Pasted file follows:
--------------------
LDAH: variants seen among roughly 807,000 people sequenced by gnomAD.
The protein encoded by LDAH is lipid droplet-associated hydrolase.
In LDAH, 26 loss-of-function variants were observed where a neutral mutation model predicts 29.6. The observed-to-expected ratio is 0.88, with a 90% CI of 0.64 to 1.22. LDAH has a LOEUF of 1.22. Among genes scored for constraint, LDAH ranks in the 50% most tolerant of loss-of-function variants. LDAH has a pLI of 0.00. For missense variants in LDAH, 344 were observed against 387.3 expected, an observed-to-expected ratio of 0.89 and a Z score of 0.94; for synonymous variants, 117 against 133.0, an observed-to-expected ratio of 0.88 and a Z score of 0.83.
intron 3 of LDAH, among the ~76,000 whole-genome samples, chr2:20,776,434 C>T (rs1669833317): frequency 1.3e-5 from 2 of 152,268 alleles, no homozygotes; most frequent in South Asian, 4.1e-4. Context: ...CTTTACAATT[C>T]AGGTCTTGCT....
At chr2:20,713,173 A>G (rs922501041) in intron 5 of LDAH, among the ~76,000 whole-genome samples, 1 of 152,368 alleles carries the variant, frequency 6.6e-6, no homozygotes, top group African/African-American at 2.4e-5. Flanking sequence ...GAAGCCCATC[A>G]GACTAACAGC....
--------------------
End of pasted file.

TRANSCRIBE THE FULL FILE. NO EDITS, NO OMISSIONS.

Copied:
LDAH: variants seen among roughly 807,000 people sequenced by gnomAD.
The protein encoded by LDAH is lipid droplet-associated hydrolase.
In LDAH, 26 loss-of-function variants were observed where a neutral mutation model predicts 29.6. The observed-to-expected ratio is 0.88, with a 90% CI of 0.64 to 1.22. LDAH has a LOEUF of 1.22. Among genes scored for constraint, LDAH ranks in the 50% most tolerant of loss-of-function variants. LDAH has a pLI of 0.00. For missense variants in LDAH, 344 were observed against 387.3 expected, an observed-to-expected ratio of 0.89 and a Z score of 0.94; for synonymous variants, 117 against 133.0, an observed-to-expected ratio of 0.88 and a Z score of 0.83.
intron 3 of LDAH, among the ~76,000 whole-genome samples, chr2:20,776,434 C>T (rs1669833317): frequency 1.3e-5 from 2 of 152,268 alleles, no homozygotes; most frequent in South Asian, 4.1e-4. Context: ...CTTTACAATT[C>T]AGGTCTTGCT....
At chr2:20,713,173 A>G (rs922501041) in intron 5 of LDAH, among the ~76,000 whole-genome samples, 1 of 152,368 alleles carries the variant, frequency 6.6e-6, no homozygotes, top group African/African-American at 2.4e-5. Flanking sequence ...GAAGCCCATC[A>G]GACTAACAGC....